So I am very appreciative that you pointed that out that it was an addictive behavior. So there was a lack of connection and a feeling of being an outsider, one led to drugs, and then in a different setting, one led to this addiction of being a perfect, high achieving fitting in it was just as addictive behavior. But a different manifestation is what I hear you saying.
Amanda Amie Marshall 18:47
I think one of the things and you know, I’m certainly not a doctor, psychologist, but in my own work with my own mental health professionals, you know, they people throw around diagnoses, I I’m less attached to the diagnosis than I am sort of the symptoms and the severity and the treatment and recovery. But words like OCD are definitely thrown around by my mental health professionals. And I really think that anybody who suffers from any kind of an addiction, it is OCD. It’s an obsession of mind. And then a compulsion, a behavioral compulsion that goes that helps to relieve you of your obsession of the mind. And I really feel like that’s true. And I know we’re going to talk about it later. But I think that’s why mindfulness is such a great anecdote to any kind of obsession of the mind and compulsion of behavior.
Kristin Taylor 19:44
So true, so true. I think that’s really astute.
Amanda Amie Marshall 19:46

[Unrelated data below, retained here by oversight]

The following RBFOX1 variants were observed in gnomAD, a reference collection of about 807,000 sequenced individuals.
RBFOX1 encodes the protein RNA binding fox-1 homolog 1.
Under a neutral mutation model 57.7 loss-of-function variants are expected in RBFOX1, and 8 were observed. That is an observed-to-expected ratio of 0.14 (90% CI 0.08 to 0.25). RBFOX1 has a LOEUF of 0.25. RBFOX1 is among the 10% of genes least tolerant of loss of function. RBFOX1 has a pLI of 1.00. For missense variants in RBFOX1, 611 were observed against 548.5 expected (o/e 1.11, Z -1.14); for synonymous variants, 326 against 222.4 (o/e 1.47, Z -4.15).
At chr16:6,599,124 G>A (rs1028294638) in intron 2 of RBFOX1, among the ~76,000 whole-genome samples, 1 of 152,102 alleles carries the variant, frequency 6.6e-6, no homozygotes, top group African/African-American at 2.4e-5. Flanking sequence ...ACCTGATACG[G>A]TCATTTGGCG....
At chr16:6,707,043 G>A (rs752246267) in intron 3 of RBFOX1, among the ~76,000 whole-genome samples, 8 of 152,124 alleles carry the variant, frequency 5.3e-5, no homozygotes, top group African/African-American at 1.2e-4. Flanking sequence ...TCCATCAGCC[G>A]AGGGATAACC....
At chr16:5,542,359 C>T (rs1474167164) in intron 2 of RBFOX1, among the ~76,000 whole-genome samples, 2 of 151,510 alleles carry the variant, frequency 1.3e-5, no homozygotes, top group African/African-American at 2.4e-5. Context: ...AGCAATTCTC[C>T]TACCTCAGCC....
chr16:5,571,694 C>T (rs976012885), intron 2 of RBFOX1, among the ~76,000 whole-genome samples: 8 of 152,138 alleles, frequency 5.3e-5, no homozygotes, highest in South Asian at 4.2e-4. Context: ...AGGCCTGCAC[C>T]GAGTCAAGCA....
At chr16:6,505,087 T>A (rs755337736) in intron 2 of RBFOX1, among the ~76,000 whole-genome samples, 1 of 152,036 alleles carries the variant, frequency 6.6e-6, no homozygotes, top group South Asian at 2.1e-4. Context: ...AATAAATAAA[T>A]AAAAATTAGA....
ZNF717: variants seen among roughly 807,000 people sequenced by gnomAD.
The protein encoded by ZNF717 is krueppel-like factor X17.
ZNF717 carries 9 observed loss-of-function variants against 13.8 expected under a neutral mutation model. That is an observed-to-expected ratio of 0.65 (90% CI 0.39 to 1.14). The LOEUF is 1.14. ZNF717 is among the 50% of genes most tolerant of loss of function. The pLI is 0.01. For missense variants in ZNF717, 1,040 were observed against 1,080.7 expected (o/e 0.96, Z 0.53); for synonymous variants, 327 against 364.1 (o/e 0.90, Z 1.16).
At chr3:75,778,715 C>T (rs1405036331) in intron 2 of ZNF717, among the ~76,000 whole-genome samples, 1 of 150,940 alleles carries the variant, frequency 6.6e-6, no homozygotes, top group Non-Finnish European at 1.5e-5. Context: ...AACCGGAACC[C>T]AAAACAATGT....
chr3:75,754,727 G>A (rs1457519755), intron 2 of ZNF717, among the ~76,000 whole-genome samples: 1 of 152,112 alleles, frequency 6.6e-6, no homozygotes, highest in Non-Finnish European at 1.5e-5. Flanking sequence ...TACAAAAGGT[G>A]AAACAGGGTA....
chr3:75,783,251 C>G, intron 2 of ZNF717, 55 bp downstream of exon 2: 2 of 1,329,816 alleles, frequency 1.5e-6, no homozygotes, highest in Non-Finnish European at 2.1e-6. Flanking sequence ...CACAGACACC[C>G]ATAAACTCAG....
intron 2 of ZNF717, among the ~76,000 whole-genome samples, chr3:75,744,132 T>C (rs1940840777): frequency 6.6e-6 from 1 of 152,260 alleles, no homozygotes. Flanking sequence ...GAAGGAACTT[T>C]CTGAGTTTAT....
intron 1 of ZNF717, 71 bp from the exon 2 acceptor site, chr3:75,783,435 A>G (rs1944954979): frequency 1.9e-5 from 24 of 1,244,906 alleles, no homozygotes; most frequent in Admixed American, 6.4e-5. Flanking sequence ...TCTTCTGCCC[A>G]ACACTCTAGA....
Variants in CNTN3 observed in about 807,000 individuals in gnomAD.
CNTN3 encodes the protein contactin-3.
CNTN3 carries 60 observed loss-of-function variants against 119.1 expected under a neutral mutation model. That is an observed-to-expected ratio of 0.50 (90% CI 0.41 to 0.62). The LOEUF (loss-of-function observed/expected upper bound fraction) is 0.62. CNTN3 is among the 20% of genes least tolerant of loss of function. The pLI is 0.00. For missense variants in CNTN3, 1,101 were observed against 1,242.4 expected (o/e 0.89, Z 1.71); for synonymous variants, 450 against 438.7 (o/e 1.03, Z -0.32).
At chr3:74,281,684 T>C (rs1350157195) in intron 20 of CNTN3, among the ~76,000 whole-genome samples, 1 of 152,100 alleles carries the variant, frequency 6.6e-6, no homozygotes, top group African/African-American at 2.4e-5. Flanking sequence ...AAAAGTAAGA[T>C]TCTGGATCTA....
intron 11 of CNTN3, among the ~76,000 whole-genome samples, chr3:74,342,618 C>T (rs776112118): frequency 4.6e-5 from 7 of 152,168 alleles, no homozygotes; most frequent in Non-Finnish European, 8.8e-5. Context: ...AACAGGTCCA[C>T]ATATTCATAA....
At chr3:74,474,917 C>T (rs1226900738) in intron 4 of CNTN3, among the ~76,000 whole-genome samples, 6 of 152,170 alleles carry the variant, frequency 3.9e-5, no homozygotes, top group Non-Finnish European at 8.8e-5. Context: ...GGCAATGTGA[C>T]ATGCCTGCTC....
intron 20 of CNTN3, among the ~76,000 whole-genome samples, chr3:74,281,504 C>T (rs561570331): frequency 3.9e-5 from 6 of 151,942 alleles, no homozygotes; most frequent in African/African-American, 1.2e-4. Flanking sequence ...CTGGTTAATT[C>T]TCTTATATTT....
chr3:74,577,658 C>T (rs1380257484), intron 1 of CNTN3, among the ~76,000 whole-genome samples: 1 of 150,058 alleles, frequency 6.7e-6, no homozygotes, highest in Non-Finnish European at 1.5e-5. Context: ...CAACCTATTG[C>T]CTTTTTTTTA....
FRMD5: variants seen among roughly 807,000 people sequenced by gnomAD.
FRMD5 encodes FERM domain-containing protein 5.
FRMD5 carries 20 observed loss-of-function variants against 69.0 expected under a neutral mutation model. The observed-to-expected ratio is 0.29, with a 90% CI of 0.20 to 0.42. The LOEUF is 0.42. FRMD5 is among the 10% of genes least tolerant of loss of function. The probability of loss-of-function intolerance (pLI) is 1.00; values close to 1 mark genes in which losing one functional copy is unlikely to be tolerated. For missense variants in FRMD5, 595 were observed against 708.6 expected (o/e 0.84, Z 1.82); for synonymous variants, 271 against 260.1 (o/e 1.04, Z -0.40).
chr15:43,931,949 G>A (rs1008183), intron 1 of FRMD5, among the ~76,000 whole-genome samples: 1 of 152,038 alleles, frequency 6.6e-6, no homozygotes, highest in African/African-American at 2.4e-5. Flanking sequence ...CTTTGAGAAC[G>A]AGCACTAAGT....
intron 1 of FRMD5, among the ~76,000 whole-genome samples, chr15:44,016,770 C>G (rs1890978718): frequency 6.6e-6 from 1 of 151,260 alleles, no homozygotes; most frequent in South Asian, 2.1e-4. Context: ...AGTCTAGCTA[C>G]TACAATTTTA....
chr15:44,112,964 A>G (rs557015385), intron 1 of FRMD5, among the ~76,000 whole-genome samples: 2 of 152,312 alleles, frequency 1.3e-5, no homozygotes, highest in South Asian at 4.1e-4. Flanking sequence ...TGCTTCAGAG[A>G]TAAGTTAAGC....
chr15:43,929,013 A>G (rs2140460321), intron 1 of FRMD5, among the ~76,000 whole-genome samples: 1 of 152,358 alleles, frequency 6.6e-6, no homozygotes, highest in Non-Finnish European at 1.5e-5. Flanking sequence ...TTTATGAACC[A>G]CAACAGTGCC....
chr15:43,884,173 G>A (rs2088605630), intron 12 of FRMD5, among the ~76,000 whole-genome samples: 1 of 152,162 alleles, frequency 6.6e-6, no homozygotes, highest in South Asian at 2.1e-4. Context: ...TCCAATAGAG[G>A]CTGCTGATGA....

That was my experience. So at the same time, you know, after a few years of really leaning into academia, and you know, of course, I was still independent, you know, I didn’t have the patience. that paid for college or you know that that wasn’t my reality. So I was self supporting, I moved out of my mom’s house when I was 17. So I’ve been supporting myself since that point. Of course, when my sister graduated from high school, she just moved to Oregon and moved in with me because I was effectively her parent. And so, you know, I was working, and I was supporting myself and I was going to school and maintaining good grades and on the debate team with a lot of other really smart kids that became that’s kind of where I found my voice, found my strengths and oral advocacy, and which eventually led me to law school. But I also decided that I wasn’t an alcoholic or a drug decision, because clearly, I was so smart, yes, and so successful. And I had all these people around me that just couldn’t comprehend that I could possibly be an addict. Because look at me, you know, I’m the first of everybody else. I’m the most responsible person in our friend group. You know, I’m the one everyone goes to for advice. And so I couldn’t possibly be a person with this disease that we call addiction, especially because none of those friends had any clue what I was like when I was a kid, right? If I had not shared those stories with people, so they just had no comprehension of how bad it had been for me when I was young. So I decided that I wasn’t an addict or alcoholic. And so I didn’t consider it a relapse. I just wasn’t drunk all Yeah, I started drinking again, when I was, I think 20 to 21 or 22. I had been clean and sober for six years. And it was actually on my six year sobriety birthday that I decided to just, you know, become a social drinker. And on that occasion, when I decided to become an adult, responsible social drinker that night, I drank alcohol, did LSD, smoke marijuana, smoke cigarettes and made out with a guy that was not my boyfriend?